[0015] Figures 5A-5B are block diagrams illustrating interactions between a backing store and two network applications. The two network applications illustrated in this example are GUI 504 and DNS server software 512. In some embodiments, DNS server software 512 is Berkeley Internet Name Domain (BIND). In some embodiments, backing store 508 is logically central, but physically distributed. In this example, backing store 508 is shown to include a Host record 516, an A record 520, and a PTR record 524. As shown, Host record 516 includes a Name and an Address. A record 520 includes a Name mapping to an Address. PTR record 524 includes an Address mapping to a Name. A Name may be a host name, such as "www.companyname.com" or "mail.companyname.com". An Address may be an IP address, such as "10.0.1.5". Host record 516, A record 520, and PTR record 524 may be associated with a Zone name. A Zone name may be a domain name, such as "companyname.com" .

[0016] GUI 504 can view the three record types shown, whereas DNS server software 512 can only view A records and PTR records. For example, a user can request to view Host records, A records, or PTR records via GUI 504. In contrast, DNS server software 512 can request to view A records or PTR records. For example, when a mapping from a name to an address is needed, DNS server software 512 may request an A record to perform that mapping. There is no need for DNS server software 512 to view Host records, as the DNS server is not concerned with maintaining data integrity.

[0017] Figure 5B is a conceptual diagram illustrating how a host record inherently includes an A record and a PTR record. In this example, Host record 516 is shown to map to A record 517 and PTR record 518. This mapping may be performed according to a translation rule provided by a data description language. Accordingly, DNS server software 512 also can view A records and PTR records within Host records. The data description language can define various records that may map to other records. As used herein, a parent record includes a record that maps to another record, or child record.

[0018] As shown, an application can request or modify records within backing store 508. Various examples of these interactions are described in conjunction with Figures 6-8C. Figure 6 is a flowchart illustrating an interaction between an application and a backing store. In this example, a request from an application, such as GUI 504 or DNS server software 512, is received (610). For example, the request may be a request to access, modify, or delete data in a backing store, such as backing store 508. The request is then interpreted (615). The request may be interpreted based on a data description language, such as an XML-based description language. For example, the request may be interpreted according to rules of the language and the application that sent the request. The request is executed (620). Executing may include accessing, modifying, or deleting data in the backing store.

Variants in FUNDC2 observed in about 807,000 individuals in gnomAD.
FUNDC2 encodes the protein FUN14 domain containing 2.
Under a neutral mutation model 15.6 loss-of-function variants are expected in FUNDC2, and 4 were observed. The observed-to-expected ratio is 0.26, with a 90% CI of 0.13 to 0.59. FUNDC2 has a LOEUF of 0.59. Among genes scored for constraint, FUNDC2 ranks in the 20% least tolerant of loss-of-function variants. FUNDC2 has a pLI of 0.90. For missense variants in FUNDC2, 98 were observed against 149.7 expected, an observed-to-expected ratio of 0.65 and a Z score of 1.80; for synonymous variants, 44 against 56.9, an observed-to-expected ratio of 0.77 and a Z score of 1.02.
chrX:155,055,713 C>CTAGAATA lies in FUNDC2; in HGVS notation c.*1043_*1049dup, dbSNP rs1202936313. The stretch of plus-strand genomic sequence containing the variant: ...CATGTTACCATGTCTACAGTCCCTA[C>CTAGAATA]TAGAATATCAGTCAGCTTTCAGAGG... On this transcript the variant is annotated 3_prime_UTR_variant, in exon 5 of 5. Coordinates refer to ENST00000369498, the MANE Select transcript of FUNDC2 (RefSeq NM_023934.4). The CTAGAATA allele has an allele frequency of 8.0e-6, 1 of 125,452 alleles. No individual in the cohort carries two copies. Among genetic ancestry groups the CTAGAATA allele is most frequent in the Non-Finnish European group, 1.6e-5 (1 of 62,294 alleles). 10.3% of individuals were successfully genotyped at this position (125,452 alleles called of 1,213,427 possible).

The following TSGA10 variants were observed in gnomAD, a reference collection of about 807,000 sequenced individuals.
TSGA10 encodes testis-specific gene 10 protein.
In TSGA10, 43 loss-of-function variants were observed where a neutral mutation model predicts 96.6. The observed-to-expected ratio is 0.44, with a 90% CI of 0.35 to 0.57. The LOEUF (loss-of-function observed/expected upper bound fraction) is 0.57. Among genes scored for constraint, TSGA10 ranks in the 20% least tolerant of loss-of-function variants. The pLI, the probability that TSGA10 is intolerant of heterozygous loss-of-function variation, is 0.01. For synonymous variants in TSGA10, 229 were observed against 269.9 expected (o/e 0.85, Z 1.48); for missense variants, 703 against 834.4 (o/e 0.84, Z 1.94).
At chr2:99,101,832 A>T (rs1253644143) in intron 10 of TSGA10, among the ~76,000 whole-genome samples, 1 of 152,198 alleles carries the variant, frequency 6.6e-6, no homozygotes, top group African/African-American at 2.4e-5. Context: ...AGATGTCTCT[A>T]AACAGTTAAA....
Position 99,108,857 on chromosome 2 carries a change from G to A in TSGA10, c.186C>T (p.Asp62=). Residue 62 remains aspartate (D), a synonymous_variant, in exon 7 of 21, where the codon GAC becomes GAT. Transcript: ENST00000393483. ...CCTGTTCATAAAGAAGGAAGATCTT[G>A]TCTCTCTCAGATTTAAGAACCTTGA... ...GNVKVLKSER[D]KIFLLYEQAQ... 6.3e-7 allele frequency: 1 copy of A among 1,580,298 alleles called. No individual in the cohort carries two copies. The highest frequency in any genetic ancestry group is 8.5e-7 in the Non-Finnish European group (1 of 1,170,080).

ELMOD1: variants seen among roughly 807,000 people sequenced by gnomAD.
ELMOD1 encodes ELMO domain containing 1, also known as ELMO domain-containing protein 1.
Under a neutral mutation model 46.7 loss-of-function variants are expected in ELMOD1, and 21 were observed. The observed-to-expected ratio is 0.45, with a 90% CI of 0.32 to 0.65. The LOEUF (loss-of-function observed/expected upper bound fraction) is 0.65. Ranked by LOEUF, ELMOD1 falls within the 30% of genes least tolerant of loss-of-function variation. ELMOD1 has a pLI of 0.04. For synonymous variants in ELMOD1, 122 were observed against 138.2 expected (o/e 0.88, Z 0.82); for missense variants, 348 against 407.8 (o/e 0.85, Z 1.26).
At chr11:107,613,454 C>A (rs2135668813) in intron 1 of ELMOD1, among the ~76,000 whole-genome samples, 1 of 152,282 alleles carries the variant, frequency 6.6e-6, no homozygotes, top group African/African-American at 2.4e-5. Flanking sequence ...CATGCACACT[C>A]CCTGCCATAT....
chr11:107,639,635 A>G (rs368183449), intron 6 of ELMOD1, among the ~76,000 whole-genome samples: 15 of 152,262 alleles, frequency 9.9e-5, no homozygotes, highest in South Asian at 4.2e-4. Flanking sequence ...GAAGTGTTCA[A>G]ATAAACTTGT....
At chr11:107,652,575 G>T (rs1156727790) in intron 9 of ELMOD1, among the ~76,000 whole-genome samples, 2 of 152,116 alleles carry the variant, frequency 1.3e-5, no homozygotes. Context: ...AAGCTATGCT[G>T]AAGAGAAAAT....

[0019] Figure 7A is a flowchart illustrating a request to access a record within a backing store. Figures 7B-7C are flowcharts illustrating specific examples of such requests. As shown in Figure 7A, a request is received from an application (704). The context of the request is identified (708). For example, the application that sent the request is identified. The request is interpreted (712). For example, it is determined what types of data store elements are visible to the application that sent the request. Appropriate data store elements are mapped to fulfill the request (716). This mapping may be performed according to a translation rule provided by a data description language. Examples of data store elements include Host records, A records, and PTR records. A response to the request is sent (720). Specific examples are shown in Figures 7B-7C.